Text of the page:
Posted on Wednesday 21st March 2012
The University of Birmingham has been recognised by the Minister for Universities and Science, David Willetts, as it becomes one of the first universities in the UK to be awarded accreditation for its undergraduate Msci degree course in Biochemistry.
The recognition is part of a new degree Accreditation Programme developed by the Society of Biology to address the gap between the skills graduates possess and the skills employers need.
Rachel Lambert-Forsyth, Head of Education at the Society of Biology, explains: “Our Accreditation programme is unique as the criteria are based on learning outcomes instead of providing a list of knowledge and techniques that students must be taught. It externally recognises academic excellence in the biosciences, highlighting degrees which educate the research and development leaders and innovators of the future.”
After hearing of the accreditation, Head of Biochemistry Programmes at the University of Birmingham, Dr Frank Michelangeli, commented: “To be one of the first Biochemistry degree programmes to be awarded the status of accreditation by the Society of Biology is a real honour for us. It recognises the quality of our teaching in a research-led environment. Our students are not just taught about the latest developments in the molecular biosciences, they are also extensively trained in using the latest technologies and methods, which is essential in educating the next generation of research bio-scientists’.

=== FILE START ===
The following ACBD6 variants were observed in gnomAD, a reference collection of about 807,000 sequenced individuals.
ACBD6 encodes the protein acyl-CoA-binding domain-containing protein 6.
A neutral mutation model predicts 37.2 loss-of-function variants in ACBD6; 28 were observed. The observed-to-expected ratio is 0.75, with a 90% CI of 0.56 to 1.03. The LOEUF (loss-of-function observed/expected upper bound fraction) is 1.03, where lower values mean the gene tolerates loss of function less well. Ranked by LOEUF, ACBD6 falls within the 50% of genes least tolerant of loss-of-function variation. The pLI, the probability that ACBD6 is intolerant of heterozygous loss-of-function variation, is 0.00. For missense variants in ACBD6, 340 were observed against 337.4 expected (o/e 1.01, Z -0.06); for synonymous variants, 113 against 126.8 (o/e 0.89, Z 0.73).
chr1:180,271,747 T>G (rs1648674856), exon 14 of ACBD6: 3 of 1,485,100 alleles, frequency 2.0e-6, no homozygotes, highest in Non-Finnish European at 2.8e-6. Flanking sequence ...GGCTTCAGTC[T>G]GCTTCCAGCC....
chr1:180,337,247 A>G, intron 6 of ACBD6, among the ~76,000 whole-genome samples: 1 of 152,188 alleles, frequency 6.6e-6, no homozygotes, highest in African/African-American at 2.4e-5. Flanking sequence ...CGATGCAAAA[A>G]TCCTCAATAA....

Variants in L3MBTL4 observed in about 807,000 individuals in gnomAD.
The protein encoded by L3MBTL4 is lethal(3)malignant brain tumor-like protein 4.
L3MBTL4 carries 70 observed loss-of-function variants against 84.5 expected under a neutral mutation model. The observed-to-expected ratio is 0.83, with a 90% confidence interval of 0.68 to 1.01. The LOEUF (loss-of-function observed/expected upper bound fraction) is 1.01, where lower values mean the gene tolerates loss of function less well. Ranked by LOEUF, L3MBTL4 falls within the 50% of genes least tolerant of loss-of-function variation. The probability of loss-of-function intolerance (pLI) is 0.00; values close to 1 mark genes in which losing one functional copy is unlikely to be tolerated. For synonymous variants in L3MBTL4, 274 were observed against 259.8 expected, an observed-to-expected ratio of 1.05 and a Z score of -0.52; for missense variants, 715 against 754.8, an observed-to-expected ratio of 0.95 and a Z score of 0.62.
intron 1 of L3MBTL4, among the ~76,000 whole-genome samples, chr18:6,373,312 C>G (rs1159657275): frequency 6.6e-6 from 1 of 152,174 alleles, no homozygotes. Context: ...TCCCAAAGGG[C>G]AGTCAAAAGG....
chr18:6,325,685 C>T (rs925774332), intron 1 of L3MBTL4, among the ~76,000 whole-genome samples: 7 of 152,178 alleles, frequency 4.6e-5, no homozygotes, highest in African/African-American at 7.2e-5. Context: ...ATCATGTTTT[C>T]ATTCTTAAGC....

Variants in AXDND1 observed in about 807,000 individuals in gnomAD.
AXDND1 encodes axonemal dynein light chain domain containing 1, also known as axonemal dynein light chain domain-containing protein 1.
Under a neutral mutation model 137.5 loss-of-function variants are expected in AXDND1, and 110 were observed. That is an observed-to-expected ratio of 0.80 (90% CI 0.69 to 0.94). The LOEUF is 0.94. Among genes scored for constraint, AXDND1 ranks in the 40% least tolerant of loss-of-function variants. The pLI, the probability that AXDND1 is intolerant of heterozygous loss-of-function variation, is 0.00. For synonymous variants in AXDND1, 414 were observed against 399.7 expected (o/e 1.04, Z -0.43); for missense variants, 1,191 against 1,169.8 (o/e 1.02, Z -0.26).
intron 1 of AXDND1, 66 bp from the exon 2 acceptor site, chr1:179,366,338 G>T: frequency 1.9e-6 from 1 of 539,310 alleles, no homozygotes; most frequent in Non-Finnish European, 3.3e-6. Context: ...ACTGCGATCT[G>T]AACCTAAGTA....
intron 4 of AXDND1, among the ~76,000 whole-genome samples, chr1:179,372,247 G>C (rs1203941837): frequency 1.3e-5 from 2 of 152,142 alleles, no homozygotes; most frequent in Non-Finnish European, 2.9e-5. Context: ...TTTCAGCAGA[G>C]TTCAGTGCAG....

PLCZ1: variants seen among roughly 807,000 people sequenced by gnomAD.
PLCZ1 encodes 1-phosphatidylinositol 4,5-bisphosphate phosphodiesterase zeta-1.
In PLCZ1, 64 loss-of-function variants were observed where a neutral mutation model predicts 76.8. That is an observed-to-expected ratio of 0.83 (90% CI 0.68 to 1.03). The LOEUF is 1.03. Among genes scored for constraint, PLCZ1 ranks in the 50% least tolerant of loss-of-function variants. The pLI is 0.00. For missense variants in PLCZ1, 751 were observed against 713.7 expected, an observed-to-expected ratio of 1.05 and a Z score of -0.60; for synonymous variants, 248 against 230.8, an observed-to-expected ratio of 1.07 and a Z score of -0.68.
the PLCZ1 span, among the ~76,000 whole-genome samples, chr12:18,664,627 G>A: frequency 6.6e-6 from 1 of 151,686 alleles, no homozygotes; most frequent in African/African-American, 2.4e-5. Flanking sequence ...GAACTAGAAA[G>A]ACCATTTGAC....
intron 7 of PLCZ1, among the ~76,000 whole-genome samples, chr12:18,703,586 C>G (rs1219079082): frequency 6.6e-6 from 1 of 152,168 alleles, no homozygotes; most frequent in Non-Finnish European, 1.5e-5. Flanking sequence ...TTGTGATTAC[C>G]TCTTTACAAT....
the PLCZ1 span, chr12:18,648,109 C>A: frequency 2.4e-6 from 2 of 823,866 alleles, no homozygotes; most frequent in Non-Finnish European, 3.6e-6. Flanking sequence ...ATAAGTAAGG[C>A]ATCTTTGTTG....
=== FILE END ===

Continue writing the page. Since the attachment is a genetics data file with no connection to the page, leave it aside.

The Society of Biology’s Accreditation Programme has been developed with the support of the Biotechnology and Biological Sciences Research Council (BBSRC), and the Department for Business Innovation & Skills, and through partnership between the Society of Biology, higher education, industry, and the Society of Biology’s Member Organisations.
On 20th March the Rt. Hon. David Willets MP spoke at the Accreditation Award Ceremony, where four courses including the University of Birmingham’s Msci in Biochemistry, gained accredited status. Congratulating the universities, Mr. Willets said: “Well-informed students are at the heart of our higher education reforms. The Society of Biology’s Accreditation Programme will signpost students to the degree courses recognised by industry as providing the essential scientific and practical skills needed for a career in life sciences. This will further support one of Britain’s most important growth sectors.”
A lack of practical skills and experience of working in a research lab or field environment are common reasons stated by employers for not employing a graduate. As a result, the Accreditation criteria put a strong emphasis on academic excellence, research experience and, critically, time spent in an active research environment.
Dr Celia Caulcott, Director of Innovation and Skills at the BBSRC, said: “We encourage universities to consider Society of Biology Accreditation as one way in which they can demonstrate, to students and industry partners, their commitment to providing the scientific training needed for future research and scientific careers.”
Rachel Lambert-Forsyth added: “Through the Accreditation Programme we hope to ensure a pipeline of skilled graduates into research and innovation roles and further enhance the UK’s position as a premier location to develop the bioscientists of the future.”